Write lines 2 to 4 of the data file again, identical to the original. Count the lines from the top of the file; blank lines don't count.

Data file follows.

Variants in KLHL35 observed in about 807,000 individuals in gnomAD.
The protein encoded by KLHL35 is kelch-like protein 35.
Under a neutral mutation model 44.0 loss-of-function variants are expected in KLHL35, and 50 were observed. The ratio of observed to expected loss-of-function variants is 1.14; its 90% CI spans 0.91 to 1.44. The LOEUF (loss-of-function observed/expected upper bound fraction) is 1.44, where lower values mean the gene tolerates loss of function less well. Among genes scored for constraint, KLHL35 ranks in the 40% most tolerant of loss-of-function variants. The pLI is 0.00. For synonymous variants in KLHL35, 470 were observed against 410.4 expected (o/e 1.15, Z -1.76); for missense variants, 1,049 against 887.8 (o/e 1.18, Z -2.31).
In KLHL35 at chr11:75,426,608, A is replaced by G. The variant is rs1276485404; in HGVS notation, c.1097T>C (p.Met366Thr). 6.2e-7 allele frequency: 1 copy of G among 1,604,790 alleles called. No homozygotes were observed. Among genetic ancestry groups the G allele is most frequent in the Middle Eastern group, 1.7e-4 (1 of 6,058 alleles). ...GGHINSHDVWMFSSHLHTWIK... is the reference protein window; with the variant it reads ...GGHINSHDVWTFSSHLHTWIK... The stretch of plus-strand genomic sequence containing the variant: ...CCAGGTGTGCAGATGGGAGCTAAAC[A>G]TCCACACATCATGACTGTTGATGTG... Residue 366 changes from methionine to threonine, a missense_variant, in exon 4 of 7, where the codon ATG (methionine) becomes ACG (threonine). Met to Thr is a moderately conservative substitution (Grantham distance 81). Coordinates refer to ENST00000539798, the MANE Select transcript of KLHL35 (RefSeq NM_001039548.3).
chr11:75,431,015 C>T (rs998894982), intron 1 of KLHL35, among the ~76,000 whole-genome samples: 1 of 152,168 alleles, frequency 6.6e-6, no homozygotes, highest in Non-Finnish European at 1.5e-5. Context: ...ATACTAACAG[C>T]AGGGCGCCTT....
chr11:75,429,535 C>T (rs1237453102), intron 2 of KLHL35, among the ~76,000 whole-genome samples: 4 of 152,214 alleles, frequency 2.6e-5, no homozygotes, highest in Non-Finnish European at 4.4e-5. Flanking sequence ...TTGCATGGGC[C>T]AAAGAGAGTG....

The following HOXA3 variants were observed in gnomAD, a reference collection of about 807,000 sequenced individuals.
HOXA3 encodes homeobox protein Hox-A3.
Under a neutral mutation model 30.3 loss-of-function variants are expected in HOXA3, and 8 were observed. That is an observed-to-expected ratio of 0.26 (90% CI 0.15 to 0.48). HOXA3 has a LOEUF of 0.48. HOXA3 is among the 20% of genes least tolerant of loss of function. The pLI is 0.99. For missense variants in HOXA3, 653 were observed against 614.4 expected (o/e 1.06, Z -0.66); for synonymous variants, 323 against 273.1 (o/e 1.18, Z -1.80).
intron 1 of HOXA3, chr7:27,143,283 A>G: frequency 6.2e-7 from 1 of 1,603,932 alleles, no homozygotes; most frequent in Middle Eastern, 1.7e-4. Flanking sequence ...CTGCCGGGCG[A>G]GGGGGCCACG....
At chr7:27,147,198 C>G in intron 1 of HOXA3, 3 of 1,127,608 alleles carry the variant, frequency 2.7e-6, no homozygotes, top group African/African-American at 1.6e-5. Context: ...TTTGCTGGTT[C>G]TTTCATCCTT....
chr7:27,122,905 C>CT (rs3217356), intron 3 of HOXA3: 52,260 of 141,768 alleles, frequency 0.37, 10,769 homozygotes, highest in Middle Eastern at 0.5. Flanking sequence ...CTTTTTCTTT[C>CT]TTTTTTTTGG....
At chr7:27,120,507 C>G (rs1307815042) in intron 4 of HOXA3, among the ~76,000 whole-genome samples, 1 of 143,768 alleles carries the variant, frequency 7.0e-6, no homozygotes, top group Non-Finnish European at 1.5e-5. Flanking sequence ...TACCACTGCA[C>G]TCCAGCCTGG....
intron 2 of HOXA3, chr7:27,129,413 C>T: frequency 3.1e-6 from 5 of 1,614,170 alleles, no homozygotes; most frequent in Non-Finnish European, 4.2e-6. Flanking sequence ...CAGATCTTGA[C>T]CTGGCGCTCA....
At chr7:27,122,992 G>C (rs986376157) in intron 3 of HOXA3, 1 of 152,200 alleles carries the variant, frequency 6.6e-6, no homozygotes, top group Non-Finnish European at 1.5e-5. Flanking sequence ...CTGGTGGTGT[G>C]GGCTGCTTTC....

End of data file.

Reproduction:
The protein encoded by KLHL35 is kelch-like protein 35.
Under a neutral mutation model 44.0 loss-of-function variants are expected in KLHL35, and 50 were observed. The ratio of observed to expected loss-of-function variants is 1.14; its 90% CI spans 0.91 to 1.44. The LOEUF (loss-of-function observed/expected upper bound fraction) is 1.44, where lower values mean the gene tolerates loss of function less well. Among genes scored for constraint, KLHL35 ranks in the 40% most tolerant of loss-of-function variants. The pLI is 0.00. For synonymous variants in KLHL35, 470 were observed against 410.4 expected (o/e 1.15, Z -1.76); for missense variants, 1,049 against 887.8 (o/e 1.18, Z -2.31).
In KLHL35 at chr11:75,426,608, A is replaced by G. The variant is rs1276485404; in HGVS notation, c.1097T>C (p.Met366Thr). 6.2e-7 allele frequency: 1 copy of G among 1,604,790 alleles called. No homozygotes were observed. Among genetic ancestry groups the G allele is most frequent in the Middle Eastern group, 1.7e-4 (1 of 6,058 alleles). ...GGHINSHDVWMFSSHLHTWIK... is the reference protein window; with the variant it reads ...GGHINSHDVWTFSSHLHTWIK... The stretch of plus-strand genomic sequence containing the variant: ...CCAGGTGTGCAGATGGGAGCTAAAC[A>G]TCCACACATCATGACTGTTGATGTG... Residue 366 changes from methionine to threonine, a missense_variant, in exon 4 of 7, where the codon ATG (methionine) becomes ACG (threonine). Met to Thr is a moderately conservative substitution (Grantham distance 81). Coordinates refer to ENST00000539798, the MANE Select transcript of KLHL35 (RefSeq NM_001039548.3).